Part three in this series on how to build a mechanical television provides the schematics for circuit construction.

Editor's Note: This is part of a several part project by Vincent Portet. If you would like to see a specific chapter, refer to the table of contents below.

Mechanical Television Schematics

Now that we've covered the overview and chosen components, let's dive into circuit diagrams! If you need any clarification on a circuit, be sure to take a look at the original project (PDF).

Synchronization and Luminance/Green Extractor

(“LUMA OUT” can go through the “gamma correction” circuit to improve picture crispness in B/W. But this is not mandatory)

DIY-57_schem_sync-extractor.-1.jpg

LED Power Stages

This is the only part requiring an inductor (but with low constraints on characteristics: L > 100uH, I > 0,8A). (If not sure about the possible inductor value you may have in your salvaged component stocks, just test in this circuit: After having mounted the inductor and started the circuit, load the regulator with a 6.8 ohms 5W resistor and check that the BD136 stays at a temperature allowing to touch it permanently. If not, the inductance is too low. If the inductor is getting hot, it is rated for a too small current).

DIY-57_LED-POWER.jpg

View the full-size schematic.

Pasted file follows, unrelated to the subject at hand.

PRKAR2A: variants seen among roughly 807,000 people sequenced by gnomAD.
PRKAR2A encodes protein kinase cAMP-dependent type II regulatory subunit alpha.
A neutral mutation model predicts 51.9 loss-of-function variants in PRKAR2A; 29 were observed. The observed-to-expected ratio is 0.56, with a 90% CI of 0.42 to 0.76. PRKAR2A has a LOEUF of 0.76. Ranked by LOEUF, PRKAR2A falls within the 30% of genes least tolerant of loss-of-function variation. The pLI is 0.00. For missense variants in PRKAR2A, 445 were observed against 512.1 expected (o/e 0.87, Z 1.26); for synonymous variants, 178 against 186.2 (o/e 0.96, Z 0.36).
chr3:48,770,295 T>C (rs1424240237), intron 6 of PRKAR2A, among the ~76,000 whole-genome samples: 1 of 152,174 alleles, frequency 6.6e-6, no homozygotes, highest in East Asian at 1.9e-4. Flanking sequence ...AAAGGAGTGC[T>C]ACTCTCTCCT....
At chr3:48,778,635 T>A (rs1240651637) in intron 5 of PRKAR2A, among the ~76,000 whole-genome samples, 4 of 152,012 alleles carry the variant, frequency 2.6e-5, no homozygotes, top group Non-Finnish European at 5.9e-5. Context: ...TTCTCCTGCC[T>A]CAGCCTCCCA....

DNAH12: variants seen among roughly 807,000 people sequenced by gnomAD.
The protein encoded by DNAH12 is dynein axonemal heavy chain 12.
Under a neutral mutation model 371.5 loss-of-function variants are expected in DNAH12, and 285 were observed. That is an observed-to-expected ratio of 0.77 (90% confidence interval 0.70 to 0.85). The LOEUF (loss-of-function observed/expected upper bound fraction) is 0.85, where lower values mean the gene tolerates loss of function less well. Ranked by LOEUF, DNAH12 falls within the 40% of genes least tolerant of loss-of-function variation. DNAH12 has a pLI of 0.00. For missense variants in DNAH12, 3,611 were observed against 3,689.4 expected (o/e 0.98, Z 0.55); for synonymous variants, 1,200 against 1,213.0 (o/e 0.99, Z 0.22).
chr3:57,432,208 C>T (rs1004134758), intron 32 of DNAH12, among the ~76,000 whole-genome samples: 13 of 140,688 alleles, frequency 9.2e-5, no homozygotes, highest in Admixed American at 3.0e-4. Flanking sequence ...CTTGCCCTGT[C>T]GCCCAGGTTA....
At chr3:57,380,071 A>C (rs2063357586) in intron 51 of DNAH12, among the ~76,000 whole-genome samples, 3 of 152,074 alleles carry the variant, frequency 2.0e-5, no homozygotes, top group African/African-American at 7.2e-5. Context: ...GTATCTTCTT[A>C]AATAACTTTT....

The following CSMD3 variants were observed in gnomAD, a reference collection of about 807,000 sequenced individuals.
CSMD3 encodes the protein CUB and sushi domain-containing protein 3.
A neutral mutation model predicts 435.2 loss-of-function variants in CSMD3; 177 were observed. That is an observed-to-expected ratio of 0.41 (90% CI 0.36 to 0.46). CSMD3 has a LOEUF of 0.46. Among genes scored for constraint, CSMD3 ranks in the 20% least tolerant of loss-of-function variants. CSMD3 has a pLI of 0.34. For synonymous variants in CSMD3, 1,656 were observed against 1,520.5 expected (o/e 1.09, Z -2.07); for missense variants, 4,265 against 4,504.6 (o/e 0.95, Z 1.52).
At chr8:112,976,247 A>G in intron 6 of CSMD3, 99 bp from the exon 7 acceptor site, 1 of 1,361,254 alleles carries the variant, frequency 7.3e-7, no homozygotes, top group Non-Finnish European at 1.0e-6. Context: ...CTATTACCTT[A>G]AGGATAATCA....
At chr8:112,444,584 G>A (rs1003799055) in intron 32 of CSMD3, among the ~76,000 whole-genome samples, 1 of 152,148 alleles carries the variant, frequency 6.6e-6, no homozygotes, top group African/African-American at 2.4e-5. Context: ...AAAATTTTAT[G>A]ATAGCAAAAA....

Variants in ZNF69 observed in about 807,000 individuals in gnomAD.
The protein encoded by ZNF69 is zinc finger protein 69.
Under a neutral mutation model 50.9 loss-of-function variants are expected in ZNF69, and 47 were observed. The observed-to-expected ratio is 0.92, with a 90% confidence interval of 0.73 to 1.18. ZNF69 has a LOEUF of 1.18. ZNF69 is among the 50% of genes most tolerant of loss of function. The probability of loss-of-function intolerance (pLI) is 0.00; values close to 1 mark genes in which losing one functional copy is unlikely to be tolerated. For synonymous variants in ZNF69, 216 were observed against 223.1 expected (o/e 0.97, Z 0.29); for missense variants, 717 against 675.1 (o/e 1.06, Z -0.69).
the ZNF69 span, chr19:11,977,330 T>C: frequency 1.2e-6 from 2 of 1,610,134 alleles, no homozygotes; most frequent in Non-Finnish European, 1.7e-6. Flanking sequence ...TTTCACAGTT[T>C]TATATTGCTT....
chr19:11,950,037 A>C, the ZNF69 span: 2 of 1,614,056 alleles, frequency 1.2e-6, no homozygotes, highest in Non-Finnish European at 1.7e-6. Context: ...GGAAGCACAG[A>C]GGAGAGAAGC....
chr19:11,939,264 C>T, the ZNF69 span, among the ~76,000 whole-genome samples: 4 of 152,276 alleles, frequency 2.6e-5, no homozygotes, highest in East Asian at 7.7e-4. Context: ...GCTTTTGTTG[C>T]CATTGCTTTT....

Motor Driving – Control Circuit

This circuit receives the extracted synchronization (like does the color decoder) and handles the optical sensor for issuing a control signal “CTRL” (polarity modulated pulses) which is connected to the power driver. The NE555 has a monostable time constant set just slightly longer than a 60-line synchronization pulse interval, so that divides the frequency by 2 in this case. In the case of a 30-line video, this division does not happen but in all cases, the output duty cycle is within [40%-60%].

DIY-57-Motor-Controller-Synchronizer-part1_schem.jpg

View the full-size schematic.

Motor Driving – Power Circuit

The free-run speed adjustment and the vertical synchronization push button are visible here. P8 is used only during the tuning stage.

DIY-57_MOTOR-CONTROLLER_1_schem.jpg

View the full-size schematic.

SECAM-like Color Decoder

This is the only part using a programmable component (code will be supplied in a later chapter): A common Microchip PIC16F819 micro-controller used to handle carrier synchronous demodulation (by synchronous sampling) as well as acting as the delay line required for SECAM (color alternated transmission, but here in AM). The frequency of the color carrier to be demodulated is the half of the WAV sampling rate (maximum possible frequency), so. 24KHz. The color pixel resolution is then the half of the green/white pixel resolution, while the same factor 2 applies for lines (due to color alternation). Therefore we can say that we use “quarter pixels” for color as it is usually done in high-resolution video.

DIY-57Colordecoder_schem.jpg

View the full-size schematic.

Stay tuned for the next chapter, we will tackle applying color systems, circuit testing, and software. If you can't wait, check out the original project here (PDF).

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